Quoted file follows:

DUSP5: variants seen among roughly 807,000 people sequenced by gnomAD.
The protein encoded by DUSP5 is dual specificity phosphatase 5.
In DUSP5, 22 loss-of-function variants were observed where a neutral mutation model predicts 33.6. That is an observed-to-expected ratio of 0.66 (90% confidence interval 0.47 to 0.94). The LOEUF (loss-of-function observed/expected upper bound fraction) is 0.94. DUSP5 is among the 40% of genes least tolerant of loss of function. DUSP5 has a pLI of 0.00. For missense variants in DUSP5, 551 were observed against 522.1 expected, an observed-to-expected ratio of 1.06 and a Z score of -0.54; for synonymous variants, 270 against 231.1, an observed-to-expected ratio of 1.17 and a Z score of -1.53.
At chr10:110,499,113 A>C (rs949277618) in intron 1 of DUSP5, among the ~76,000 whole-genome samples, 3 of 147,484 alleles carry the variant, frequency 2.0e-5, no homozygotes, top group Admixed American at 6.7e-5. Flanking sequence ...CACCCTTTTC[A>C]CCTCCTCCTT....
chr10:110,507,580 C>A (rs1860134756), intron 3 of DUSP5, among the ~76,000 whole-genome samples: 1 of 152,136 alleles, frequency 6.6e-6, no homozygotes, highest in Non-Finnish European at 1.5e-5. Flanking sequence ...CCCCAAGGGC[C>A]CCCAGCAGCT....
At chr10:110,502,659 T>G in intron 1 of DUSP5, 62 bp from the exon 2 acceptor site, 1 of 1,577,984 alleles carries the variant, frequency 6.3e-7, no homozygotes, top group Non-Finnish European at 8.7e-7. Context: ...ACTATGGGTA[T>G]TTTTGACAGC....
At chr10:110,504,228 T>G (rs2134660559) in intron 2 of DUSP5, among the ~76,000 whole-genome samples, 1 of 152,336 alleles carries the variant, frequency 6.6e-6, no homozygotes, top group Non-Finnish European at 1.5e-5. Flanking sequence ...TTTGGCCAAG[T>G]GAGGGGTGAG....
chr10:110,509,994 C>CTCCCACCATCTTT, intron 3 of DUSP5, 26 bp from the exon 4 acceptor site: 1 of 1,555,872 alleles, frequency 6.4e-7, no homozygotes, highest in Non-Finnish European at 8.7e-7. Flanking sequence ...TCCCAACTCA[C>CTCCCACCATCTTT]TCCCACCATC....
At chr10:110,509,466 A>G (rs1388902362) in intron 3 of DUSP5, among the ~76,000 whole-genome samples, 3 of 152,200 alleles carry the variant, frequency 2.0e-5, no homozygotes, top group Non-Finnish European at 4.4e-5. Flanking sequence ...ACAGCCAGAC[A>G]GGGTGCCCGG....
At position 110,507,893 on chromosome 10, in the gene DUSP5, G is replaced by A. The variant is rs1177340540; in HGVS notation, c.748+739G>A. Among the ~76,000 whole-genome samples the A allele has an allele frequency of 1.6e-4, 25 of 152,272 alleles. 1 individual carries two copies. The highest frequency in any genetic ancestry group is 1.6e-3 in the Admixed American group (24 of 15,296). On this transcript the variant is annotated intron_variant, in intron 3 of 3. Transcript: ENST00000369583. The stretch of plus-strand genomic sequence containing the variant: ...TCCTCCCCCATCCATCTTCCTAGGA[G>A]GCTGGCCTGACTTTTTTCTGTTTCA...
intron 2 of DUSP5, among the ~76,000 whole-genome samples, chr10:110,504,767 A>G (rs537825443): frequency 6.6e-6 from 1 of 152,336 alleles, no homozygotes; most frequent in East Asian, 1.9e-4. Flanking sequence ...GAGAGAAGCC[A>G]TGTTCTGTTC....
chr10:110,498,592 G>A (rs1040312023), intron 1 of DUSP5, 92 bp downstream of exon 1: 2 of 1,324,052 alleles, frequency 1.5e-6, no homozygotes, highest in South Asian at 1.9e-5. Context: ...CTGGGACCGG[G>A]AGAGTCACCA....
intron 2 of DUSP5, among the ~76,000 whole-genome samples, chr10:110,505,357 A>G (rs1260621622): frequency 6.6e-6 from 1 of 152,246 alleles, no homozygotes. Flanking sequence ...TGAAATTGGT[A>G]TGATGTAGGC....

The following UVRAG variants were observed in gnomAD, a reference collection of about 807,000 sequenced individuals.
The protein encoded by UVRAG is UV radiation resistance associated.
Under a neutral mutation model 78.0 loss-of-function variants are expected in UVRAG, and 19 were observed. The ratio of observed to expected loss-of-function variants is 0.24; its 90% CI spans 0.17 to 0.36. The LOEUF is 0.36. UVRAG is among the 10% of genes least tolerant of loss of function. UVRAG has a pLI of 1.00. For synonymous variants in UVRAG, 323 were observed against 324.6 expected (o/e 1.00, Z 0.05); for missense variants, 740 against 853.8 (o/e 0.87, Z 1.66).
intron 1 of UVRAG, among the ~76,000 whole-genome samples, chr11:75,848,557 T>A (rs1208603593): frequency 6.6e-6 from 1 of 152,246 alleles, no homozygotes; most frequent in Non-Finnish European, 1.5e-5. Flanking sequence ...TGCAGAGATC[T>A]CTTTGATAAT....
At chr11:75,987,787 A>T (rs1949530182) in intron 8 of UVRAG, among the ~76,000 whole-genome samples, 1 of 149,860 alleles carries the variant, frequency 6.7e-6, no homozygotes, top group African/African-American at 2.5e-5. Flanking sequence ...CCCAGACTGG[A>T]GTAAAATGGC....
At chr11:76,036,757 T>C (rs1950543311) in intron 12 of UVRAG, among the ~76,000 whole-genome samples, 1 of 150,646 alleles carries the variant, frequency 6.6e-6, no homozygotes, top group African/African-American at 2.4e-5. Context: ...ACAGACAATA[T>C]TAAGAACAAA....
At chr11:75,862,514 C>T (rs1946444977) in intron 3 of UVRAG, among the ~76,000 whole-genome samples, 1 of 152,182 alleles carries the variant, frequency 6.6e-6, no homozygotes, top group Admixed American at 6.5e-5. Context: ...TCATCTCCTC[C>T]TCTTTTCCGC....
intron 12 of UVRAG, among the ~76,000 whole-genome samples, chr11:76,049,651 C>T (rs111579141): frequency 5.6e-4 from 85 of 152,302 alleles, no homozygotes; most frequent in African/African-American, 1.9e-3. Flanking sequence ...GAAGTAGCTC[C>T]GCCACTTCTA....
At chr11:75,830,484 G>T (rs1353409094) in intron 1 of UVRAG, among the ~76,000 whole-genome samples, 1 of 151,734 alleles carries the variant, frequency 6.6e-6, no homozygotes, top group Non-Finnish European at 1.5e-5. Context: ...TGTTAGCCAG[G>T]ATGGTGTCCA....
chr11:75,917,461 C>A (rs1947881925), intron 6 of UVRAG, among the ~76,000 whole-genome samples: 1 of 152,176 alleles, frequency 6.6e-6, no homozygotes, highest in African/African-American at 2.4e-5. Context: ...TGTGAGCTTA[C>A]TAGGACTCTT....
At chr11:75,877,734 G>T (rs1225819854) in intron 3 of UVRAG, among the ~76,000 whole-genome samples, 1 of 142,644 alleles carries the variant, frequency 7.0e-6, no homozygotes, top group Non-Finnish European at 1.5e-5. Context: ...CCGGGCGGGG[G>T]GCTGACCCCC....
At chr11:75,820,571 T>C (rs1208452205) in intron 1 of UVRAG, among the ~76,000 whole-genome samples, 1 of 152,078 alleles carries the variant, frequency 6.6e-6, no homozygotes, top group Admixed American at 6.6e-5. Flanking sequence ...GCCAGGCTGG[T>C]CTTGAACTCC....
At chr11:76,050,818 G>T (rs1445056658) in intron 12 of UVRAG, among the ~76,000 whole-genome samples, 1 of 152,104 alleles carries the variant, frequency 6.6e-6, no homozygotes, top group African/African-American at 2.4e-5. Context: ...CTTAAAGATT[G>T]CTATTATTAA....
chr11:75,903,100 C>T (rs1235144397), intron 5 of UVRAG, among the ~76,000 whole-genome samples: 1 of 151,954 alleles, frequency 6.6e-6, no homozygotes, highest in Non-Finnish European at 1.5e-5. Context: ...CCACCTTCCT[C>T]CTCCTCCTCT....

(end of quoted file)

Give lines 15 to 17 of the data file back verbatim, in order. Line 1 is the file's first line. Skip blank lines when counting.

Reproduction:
The protein encoded by UVRAG is UV radiation resistance associated.
Under a neutral mutation model 78.0 loss-of-function variants are expected in UVRAG, and 19 were observed. The ratio of observed to expected loss-of-function variants is 0.24; its 90% CI spans 0.17 to 0.36. The LOEUF is 0.36. UVRAG is among the 10% of genes least tolerant of loss of function. UVRAG has a pLI of 1.00. For synonymous variants in UVRAG, 323 were observed against 324.6 expected (o/e 1.00, Z 0.05); for missense variants, 740 against 853.8 (o/e 0.87, Z 1.66).
intron 1 of UVRAG, among the ~76,000 whole-genome samples, chr11:75,848,557 T>A (rs1208603593): frequency 6.6e-6 from 1 of 152,246 alleles, no homozygotes; most frequent in Non-Finnish European, 1.5e-5. Flanking sequence ...TGCAGAGATC[T>A]CTTTGATAAT....